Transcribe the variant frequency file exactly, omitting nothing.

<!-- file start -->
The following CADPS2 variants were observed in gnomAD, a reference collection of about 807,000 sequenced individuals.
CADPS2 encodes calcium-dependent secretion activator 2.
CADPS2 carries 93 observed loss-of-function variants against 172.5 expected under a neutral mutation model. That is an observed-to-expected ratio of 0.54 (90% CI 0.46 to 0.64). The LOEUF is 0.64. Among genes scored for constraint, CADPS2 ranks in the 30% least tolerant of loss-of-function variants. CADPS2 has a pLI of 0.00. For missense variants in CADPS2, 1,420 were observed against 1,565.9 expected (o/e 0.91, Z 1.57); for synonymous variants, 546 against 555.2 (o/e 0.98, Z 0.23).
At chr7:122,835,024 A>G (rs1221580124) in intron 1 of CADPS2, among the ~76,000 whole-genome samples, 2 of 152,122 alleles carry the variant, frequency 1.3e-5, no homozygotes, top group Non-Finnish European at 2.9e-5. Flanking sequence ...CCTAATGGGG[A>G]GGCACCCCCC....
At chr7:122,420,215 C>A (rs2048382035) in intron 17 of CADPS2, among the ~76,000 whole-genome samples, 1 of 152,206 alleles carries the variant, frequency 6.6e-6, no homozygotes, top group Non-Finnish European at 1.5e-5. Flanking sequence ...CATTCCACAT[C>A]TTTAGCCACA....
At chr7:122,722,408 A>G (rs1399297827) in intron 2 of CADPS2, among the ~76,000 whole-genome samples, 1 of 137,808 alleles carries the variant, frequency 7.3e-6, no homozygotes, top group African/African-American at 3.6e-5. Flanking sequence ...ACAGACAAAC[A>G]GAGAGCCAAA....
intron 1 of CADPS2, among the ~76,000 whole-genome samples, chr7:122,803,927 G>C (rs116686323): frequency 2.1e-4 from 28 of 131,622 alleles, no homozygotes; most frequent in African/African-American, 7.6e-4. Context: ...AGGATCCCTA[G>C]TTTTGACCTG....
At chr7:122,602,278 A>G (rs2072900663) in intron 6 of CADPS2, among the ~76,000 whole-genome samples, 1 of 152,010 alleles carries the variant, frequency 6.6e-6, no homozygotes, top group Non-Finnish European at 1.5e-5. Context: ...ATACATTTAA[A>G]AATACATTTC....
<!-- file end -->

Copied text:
The following CADPS2 variants were observed in gnomAD, a reference collection of about 807,000 sequenced individuals.
CADPS2 encodes calcium-dependent secretion activator 2.
CADPS2 carries 93 observed loss-of-function variants against 172.5 expected under a neutral mutation model. That is an observed-to-expected ratio of 0.54 (90% CI 0.46 to 0.64). The LOEUF is 0.64. Among genes scored for constraint, CADPS2 ranks in the 30% least tolerant of loss-of-function variants. CADPS2 has a pLI of 0.00. For missense variants in CADPS2, 1,420 were observed against 1,565.9 expected (o/e 0.91, Z 1.57); for synonymous variants, 546 against 555.2 (o/e 0.98, Z 0.23).
At chr7:122,835,024 A>G (rs1221580124) in intron 1 of CADPS2, among the ~76,000 whole-genome samples, 2 of 152,122 alleles carry the variant, frequency 1.3e-5, no homozygotes, top group Non-Finnish European at 2.9e-5. Flanking sequence ...CCTAATGGGG[A>G]GGCACCCCCC....
At chr7:122,420,215 C>A (rs2048382035) in intron 17 of CADPS2, among the ~76,000 whole-genome samples, 1 of 152,206 alleles carries the variant, frequency 6.6e-6, no homozygotes, top group Non-Finnish European at 1.5e-5. Flanking sequence ...CATTCCACAT[C>A]TTTAGCCACA....
At chr7:122,722,408 A>G (rs1399297827) in intron 2 of CADPS2, among the ~76,000 whole-genome samples, 1 of 137,808 alleles carries the variant, frequency 7.3e-6, no homozygotes, top group African/African-American at 3.6e-5. Flanking sequence ...ACAGACAAAC[A>G]GAGAGCCAAA....
intron 1 of CADPS2, among the ~76,000 whole-genome samples, chr7:122,803,927 G>C (rs116686323): frequency 2.1e-4 from 28 of 131,622 alleles, no homozygotes; most frequent in African/African-American, 7.6e-4. Context: ...AGGATCCCTA[G>C]TTTTGACCTG....
At chr7:122,602,278 A>G (rs2072900663) in intron 6 of CADPS2, among the ~76,000 whole-genome samples, 1 of 152,010 alleles carries the variant, frequency 6.6e-6, no homozygotes, top group Non-Finnish European at 1.5e-5. Context: ...ATACATTTAA[A>G]AATACATTTC....